From Wikipedia, the free encyclopedia - View original article
An amoeba (also ameba, amœba or amoeboid) is a type of cell or organism which has the ability to alter its shape, primarily by extending and retracting pseudopods. Amoebae do not form a single taxonomic group, but are found in every major lineage of eukaryotic organisms (domain Eukaryota). Amoeoboid cells occur not only among the protozoa, but also fungi, algae and animals.
The best known amoeboid protists are the "giant amoebae" Chaos carolinense and Amoeba proteus, both of which are widely cultivated and studied in classrooms and laboratories. Other well known species include the so-called "brain-eating amoeba" Naegleria fowleri, the intestinal parasite Entamoeba histolytica, which causes amoebic dysentery, and the multicellular "social amoeba" Dictyostelium discoideum.
Amoebae move and feed by using pseudopods, which are bulges of cytoplasm formed by the coordinated action of actin microfilaments pushing out the plasma membrane that surrounds the cell. Groups of amoebae are distinguished by the appearance and internal structure of their pseudopods. Amoebozoan species typically have bulbous pseudopods, rounded at the ends and roughly tubular in cross-section (lobose). Cercozoan amoeboids, such as Euglypha and Gromia, have slender, thread-like (filose) pseudopods. Foraminiferan emit fine, branching pseudopods that merge with one another to form net-like (reticulose) structures. Some groups, such as the Radiolaria and the amoeboids loosely called Heliozoa, have stiff, needle-like, radiating actinopods supported from within by bundles of microtubules.
Free-living amoebae may be "testate" (enclosed within a hard shell), or "naked" (lacking any hard covering). Testate amoebae shells are composed various substances, including calcium, silica, chitin, or agglutinations of found materials like small grains of sand and the frustules of diatoms.
To regulate osmotic pressure, most freshwater amoebae have a contractile vacuole which expels excess water from the cell. This organelle is necessary because freshwater has a lower concentration of solutes (such as salt) than the amoeba's own internal fluids (cytosol). Because the surrounding water is hypotonic with respect to the contents of the cell, water is transferred across the amoeba's cell membrane by osmosis. Without a contractile vacuole, the cell would fill with excess water and, eventually, burst. Marine amoebae do not usually possess a contractile vacuole, because the concentration of solutes within the cell are in balance with the tonicity of the surrounding water.
The food sources of amoebae vary. Some amoebae are predatory and live by consuming bacteria and other protists. Some are detritivores and eat dead organic material. Amoebae typically ingest their food by phagocytosis, extending pseudopods to encircle and engulf live prey or particles of scavenged material. Amoeboid cells do not have a mouth or cytostome, and there is no fixed place on the cell at which phagocytosis normally occurs. Some amoebae also feed by pinocytosis, imbibing dissolved nutrients through vesicles formed within the cell membrane.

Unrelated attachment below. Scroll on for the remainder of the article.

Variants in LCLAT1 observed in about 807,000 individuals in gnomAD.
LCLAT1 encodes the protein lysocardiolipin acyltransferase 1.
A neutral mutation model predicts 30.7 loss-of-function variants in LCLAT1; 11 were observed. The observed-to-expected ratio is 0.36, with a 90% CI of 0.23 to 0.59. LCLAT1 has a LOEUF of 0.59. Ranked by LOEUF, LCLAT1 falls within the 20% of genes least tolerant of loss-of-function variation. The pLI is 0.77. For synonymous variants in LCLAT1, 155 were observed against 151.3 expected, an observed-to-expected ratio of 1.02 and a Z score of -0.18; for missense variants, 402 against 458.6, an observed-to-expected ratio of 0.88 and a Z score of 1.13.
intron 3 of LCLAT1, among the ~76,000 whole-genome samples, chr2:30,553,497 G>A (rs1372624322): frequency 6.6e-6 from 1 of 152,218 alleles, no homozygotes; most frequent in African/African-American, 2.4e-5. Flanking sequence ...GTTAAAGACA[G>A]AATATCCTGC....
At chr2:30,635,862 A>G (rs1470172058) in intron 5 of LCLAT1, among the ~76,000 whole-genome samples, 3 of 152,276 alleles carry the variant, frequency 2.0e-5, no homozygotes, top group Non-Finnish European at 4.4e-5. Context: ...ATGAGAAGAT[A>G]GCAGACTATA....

Some multicellular organisms have amoeboid cells only in certain phases of life, or use amoeboid movements for specialized functions. In the immune system of humans and other animals, amoeboid white blood cells pursue invading organisms, such as bacteria and pathogenic protists, and engulf them by phagocytosis.
Amoeboid stages also occur in the multicellular fungus-like protists, the so-called slime molds. Both the plasmodial slime molds, currently classified in the class Myxogastria, and the cellular slime molds of the groups Acrasida and Dictyosteliida, live as amoebae during their feeding stage. The cells of the former form a giant multinucleate amoeboid organism, while the cells of the latter live separately until food runs out, at which time the amoebae aggregate to form a multicellular migrating slug which functions as a single organism.
Amoebae are no longer classified together in a single group, since any taxon that included all of the traditional amoebae would be a polyphyletic group, containing many species that are not closely related.
In older classification systems, most amoebae were placed in the class or subphylum Sarcodina. Within the Sarcodina, amoebae were divided into morphological categories, on the basis of the form and structure of their pseudopods. Amoebae with pseudopods supported by regular arrays of microtubules were called actinopods, whereas those with unsupported pseudopods were classified as rhizopods. The Rhizopoda were further subdivided into lobose, filose, and reticulose amoebae, according to the morphology of their pseudopods.
When molecular (genetic) analyses confirmed that Sarcodina was a polyphyletic group, the old scheme was abandoned and the amoebae were dispersed among many other groups. The majority of traditional "Sarcodines" are now placed in two eukaryote supergroups (unranked taxa above the Kingdom level): Amoebozoa and Rhizaria. The rest have been distributed among the excavates, opisthokonts, and stramenopiles. Some, like the Centrohelida, have yet to be placed in any supergroup.
Whereas older classifications were based mainly on morphology, modern schemes are based upon cladistics. Phylogenetic analyses place amoeboid genera into the following groups:
|Chromalveolate||Heterokont: Hyalodiscus, Labyrinthula|
|Adelphamoeba, Astramoeba, Cashia, Dinamoeba, Flagellipodium, Flamella, Gibbodiscus, Gocevia, Hollandella, Iodamoeba, Malamoeba, Nollandia, Oscillosignum, Paragocevia, Parvamoeba, Pernina, Pontifex, Protonaegleria, Pseudomastigamoeba, Rugipes, Striamoeba, Striolatus, Subulamoeba, Theratromyxa, Trienamoeba, Trimastigamoeba, Vampyrellium|
Some amoebae can infect other organisms pathogenically, causing disease: